Idiosyncrasies of Some Great Scientists – By M. Gill
Idiosyncrasies of Some Great Scientists – By M. Gill
Alan Turing is considered to be the father of the theory of modern computers. His paper on Computable Numbers was published about the same time (in 1930s) as Alonzo Church’s paper on Lambda Calculus; both of them dealt with computation of numbers. Turing’s paper directly addressed the feasibility
of making computing machines. Incidentally, Church was also the first one to call Turing’s conceptual artifact as the Turing machine.
Turing was a graduate student at King’s college, Cambridge University, when he wrote his paper. He showed it to his teacher, M.H.A. Newman, who was impressed and recommended him to work with Church for his Ph.D. Alonzo Church was an assistant professor of mathematics at Princeton University
On arrival in Princeton, Turing couldn’t help noticing certain quirkiness of American speech. He remarked, “These Americans have various peculiarities in conversation which catch the ear somehow. Whenever you thank them for any thing, they say “you’re welcome.” I rather liked it at first, thinking I was welcome, but now I find it comes back like a ball thrown against a wall, and become positively apprehensive. Another habit they have is to make the sound described by authors as ‘Aha.’ They use it when they have no suitable reply to a remark, but think that silence could be rude.”
Professor Church was quite idiosyncratic in several ways. One of his students, Gian-Carlo Rota, described Church’s idiosyncrasies rather eloquently. He wrote, “He (Church) looked like a cross between a panda and a large owl. He spoke slowly in complete paragraphs which seemed to have been read out of a book, evenly and slowly enunciated, as by a talking machine. When interrupted, he would pause for an uncomfortably long period to recover the thread of the argument. He never made casual remarks: they did not belong in the baggage of formal logic (Church was the editor of Journal of Symbolic Logic). For example, he wouldn’t say: ‘It’s raining.’ Such a statement, taken in isolation, makes no sense….He would say instead, ‘I must postpone my departure for Nassau Street, in as much as it is raining, a fact which I can verify by looking out of the window’…He owned a sizable collection of science-fiction novels, most of which looked well thumbed. Each volume was mysteriously marked either with a circle or with a cross. Corrections to wrong page numberings in the table of contents had been penciled into several volumes…Every lecture began with a ten-minute ceremony of erasing the blackboard until it was spotless. We tried to save him the effort by erasing the board before his arrival, but to no avail. The ritual could not be disposed of; often it required water, soap, and brush, and was followed by another ten minutes of total silence while the blackboard was drying. Perhaps he was preparing the lecture while erasing; I don’t think so. His lectures hardly needed any preparation. They were a literal repetition of the type-written text he had written over a period of twenty years, a copy of which was to be found upstairs in the Fine Hall library.”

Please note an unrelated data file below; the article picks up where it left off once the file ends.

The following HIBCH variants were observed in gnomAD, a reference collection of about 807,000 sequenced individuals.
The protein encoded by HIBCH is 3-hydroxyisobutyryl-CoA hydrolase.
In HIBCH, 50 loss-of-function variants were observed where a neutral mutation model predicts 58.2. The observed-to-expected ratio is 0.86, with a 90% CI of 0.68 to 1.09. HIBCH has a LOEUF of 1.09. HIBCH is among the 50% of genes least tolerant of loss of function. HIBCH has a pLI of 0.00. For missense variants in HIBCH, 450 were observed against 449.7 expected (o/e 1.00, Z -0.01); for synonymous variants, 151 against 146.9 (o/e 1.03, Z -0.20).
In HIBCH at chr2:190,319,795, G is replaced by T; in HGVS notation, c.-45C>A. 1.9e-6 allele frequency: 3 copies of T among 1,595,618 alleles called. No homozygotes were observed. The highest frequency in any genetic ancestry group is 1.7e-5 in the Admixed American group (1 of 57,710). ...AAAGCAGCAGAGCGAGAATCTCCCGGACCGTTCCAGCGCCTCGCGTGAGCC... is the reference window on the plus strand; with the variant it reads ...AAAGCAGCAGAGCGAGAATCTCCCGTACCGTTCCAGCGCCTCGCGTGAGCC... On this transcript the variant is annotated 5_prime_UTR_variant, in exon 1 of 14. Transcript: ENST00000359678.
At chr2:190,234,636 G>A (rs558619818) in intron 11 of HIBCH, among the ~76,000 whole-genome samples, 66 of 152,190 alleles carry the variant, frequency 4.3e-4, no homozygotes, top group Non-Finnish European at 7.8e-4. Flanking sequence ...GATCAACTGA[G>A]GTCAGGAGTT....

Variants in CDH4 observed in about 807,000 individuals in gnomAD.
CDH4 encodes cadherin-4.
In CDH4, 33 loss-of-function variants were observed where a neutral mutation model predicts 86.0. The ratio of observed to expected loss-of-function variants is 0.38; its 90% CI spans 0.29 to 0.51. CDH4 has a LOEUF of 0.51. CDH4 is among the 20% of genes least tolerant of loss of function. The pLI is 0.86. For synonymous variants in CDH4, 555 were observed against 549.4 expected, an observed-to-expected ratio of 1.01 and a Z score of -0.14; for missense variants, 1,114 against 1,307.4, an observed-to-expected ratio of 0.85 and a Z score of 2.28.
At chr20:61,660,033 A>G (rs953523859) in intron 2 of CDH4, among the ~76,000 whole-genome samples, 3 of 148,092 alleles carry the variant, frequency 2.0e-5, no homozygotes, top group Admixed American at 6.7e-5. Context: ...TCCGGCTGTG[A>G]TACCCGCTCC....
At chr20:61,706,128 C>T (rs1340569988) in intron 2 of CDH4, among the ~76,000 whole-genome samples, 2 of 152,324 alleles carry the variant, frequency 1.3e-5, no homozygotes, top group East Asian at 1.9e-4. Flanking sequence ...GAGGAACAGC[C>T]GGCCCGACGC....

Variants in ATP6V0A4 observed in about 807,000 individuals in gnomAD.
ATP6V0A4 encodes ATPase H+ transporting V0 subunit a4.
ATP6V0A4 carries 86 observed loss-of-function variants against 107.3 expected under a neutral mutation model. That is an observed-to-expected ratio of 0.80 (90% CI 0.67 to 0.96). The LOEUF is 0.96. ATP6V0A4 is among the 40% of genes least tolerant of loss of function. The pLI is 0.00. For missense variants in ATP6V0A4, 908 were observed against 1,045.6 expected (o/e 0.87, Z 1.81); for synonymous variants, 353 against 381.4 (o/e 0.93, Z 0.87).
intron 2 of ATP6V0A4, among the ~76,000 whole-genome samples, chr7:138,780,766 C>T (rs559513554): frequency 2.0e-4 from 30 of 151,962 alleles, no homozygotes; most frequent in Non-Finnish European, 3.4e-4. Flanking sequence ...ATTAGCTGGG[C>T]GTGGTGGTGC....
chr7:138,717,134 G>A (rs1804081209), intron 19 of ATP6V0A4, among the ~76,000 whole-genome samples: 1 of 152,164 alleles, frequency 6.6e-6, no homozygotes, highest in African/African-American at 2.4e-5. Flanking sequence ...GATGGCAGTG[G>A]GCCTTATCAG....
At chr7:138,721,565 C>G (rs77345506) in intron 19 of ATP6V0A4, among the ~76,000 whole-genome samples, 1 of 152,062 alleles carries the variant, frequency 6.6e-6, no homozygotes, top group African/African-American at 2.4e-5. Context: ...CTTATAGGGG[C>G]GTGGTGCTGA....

The reference to rain (weather) reminds me of another great scientist, Paul Dirac. Dirac was quite shy and a man of few words. Timothy Ferris observed about him that he was so laconic that the ‘people who met him thought him rude.” He also wrote, “My (Dirac’s) father made the rule that I should only talk to him in French. He thought it would be good for me to learn French in that way. Since I found that I couldn’t express myself in French, it was better for me to stay silent than to talk in English. So I became very silent at that time.” However, the hesitation lasted a life time. Sadly, when his father died, he felt relieved and liberated. He didn’t express any feelings of grief or sorrow.
Jagdish Mehra described an anecdote about Dirac’s meticulousness about being accurate, based on his first meeting with him. He wrote, “We sat down. The weather was very bad, and since in England it is always quite respectable to start a conversation with the weather, I said to Dirac, “It is very windy, Professor.” He said nothing at all, and a few seconds later he got up and left. I was mortified, as I thought that I had somehow offended him. He went to the door, opened it, looked out, came back, sat down, and said, ‘Yes’.”
According to Timothy Ferris, “Dirac spoke so precisely and carefully that he approached the Delphic; when he taught quantum mechanics, he stood behind the podium and read to the class from the book he had written on the subject, believing that he had set down his point of view there as well as he could.”
Wolfgang Pauli said of him, “Dirac has a new religion – There is no God and Dirac is the prophet of God.”
Mathematics and science have become so very complex that the practitioners of these disciplines are usually held in great awe by the common people. Although they live in this world, they somehow belong to another one. It is such idiosyncrasies and odd behavior which make them ‘human’ and affable to common people. When you think of Einstein, the picture of an unkempt shock of hair on the head of a mustached elderly man emerges in your mind.
Richard Feynman was considered to be the greatest scientist of the twentieth century after Einstein. He contributed to quantum mechanics fundamentally. He showed the way out of the problem of infinities that had marred quantum mechanics. Schwinger and Tomonaga found the same method (renormalization) using purely mathematical techniques which was more difficult to use than Feynman’s method. Three of them shared the Nobel Prize for their work. Feynman led the way to nanotechnology and the theoretical development of quantum computers (There’s Plenty of Room at the Bottom, lecture to the American Physical Society, December 29, 1959) among his numerous other contributions. In addition to his contributions to physics, Feynman is fondly remembered for the lighter and human side of his life.